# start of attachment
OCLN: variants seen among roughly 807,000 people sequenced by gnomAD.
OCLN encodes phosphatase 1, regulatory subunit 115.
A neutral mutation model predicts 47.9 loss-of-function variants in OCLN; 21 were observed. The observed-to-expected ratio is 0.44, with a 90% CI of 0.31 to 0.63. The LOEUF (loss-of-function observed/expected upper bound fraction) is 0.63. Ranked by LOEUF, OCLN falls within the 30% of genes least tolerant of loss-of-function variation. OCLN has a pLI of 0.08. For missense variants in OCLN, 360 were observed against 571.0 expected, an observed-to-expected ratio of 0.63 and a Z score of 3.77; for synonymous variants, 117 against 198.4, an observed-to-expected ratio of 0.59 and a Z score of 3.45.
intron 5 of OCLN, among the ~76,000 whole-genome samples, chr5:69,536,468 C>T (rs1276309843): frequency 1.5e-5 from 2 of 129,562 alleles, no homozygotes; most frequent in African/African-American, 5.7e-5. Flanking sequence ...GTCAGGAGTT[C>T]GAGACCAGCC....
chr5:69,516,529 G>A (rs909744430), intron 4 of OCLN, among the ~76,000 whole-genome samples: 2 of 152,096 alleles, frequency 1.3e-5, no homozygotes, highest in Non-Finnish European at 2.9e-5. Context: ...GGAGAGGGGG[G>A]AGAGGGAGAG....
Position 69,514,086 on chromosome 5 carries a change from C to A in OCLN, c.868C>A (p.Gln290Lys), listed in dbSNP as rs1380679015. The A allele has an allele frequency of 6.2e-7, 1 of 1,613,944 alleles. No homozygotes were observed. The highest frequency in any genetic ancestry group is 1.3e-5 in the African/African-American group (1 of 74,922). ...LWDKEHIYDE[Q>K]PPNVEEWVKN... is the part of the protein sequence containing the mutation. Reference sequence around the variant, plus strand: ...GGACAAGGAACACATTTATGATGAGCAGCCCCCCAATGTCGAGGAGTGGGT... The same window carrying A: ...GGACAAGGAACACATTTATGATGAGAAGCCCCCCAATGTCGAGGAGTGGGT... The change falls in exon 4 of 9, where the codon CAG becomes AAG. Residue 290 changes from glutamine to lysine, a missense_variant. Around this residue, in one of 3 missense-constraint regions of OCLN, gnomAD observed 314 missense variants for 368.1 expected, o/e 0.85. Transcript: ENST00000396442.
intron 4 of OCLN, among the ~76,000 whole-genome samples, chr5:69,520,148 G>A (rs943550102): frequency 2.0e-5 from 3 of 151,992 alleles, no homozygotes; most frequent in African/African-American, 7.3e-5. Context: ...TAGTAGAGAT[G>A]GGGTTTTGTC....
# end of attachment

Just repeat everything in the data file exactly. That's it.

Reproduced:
OCLN: variants seen among roughly 807,000 people sequenced by gnomAD.
OCLN encodes phosphatase 1, regulatory subunit 115.
A neutral mutation model predicts 47.9 loss-of-function variants in OCLN; 21 were observed. The observed-to-expected ratio is 0.44, with a 90% CI of 0.31 to 0.63. The LOEUF (loss-of-function observed/expected upper bound fraction) is 0.63. Ranked by LOEUF, OCLN falls within the 30% of genes least tolerant of loss-of-function variation. OCLN has a pLI of 0.08. For missense variants in OCLN, 360 were observed against 571.0 expected, an observed-to-expected ratio of 0.63 and a Z score of 3.77; for synonymous variants, 117 against 198.4, an observed-to-expected ratio of 0.59 and a Z score of 3.45.
intron 5 of OCLN, among the ~76,000 whole-genome samples, chr5:69,536,468 C>T (rs1276309843): frequency 1.5e-5 from 2 of 129,562 alleles, no homozygotes; most frequent in African/African-American, 5.7e-5. Flanking sequence ...GTCAGGAGTT[C>T]GAGACCAGCC....
chr5:69,516,529 G>A (rs909744430), intron 4 of OCLN, among the ~76,000 whole-genome samples: 2 of 152,096 alleles, frequency 1.3e-5, no homozygotes, highest in Non-Finnish European at 2.9e-5. Context: ...GGAGAGGGGG[G>A]AGAGGGAGAG....
Position 69,514,086 on chromosome 5 carries a change from C to A in OCLN, c.868C>A (p.Gln290Lys), listed in dbSNP as rs1380679015. The A allele has an allele frequency of 6.2e-7, 1 of 1,613,944 alleles. No homozygotes were observed. The highest frequency in any genetic ancestry group is 1.3e-5 in the African/African-American group (1 of 74,922). ...LWDKEHIYDE[Q>K]PPNVEEWVKN... is the part of the protein sequence containing the mutation. Reference sequence around the variant, plus strand: ...GGACAAGGAACACATTTATGATGAGCAGCCCCCCAATGTCGAGGAGTGGGT... The same window carrying A: ...GGACAAGGAACACATTTATGATGAGAAGCCCCCCAATGTCGAGGAGTGGGT... The change falls in exon 4 of 9, where the codon CAG becomes AAG. Residue 290 changes from glutamine to lysine, a missense_variant. Around this residue, in one of 3 missense-constraint regions of OCLN, gnomAD observed 314 missense variants for 368.1 expected, o/e 0.85. Transcript: ENST00000396442.
intron 4 of OCLN, among the ~76,000 whole-genome samples, chr5:69,520,148 G>A (rs943550102): frequency 2.0e-5 from 3 of 151,992 alleles, no homozygotes; most frequent in African/African-American, 7.3e-5. Context: ...TAGTAGAGAT[G>A]GGGTTTTGTC....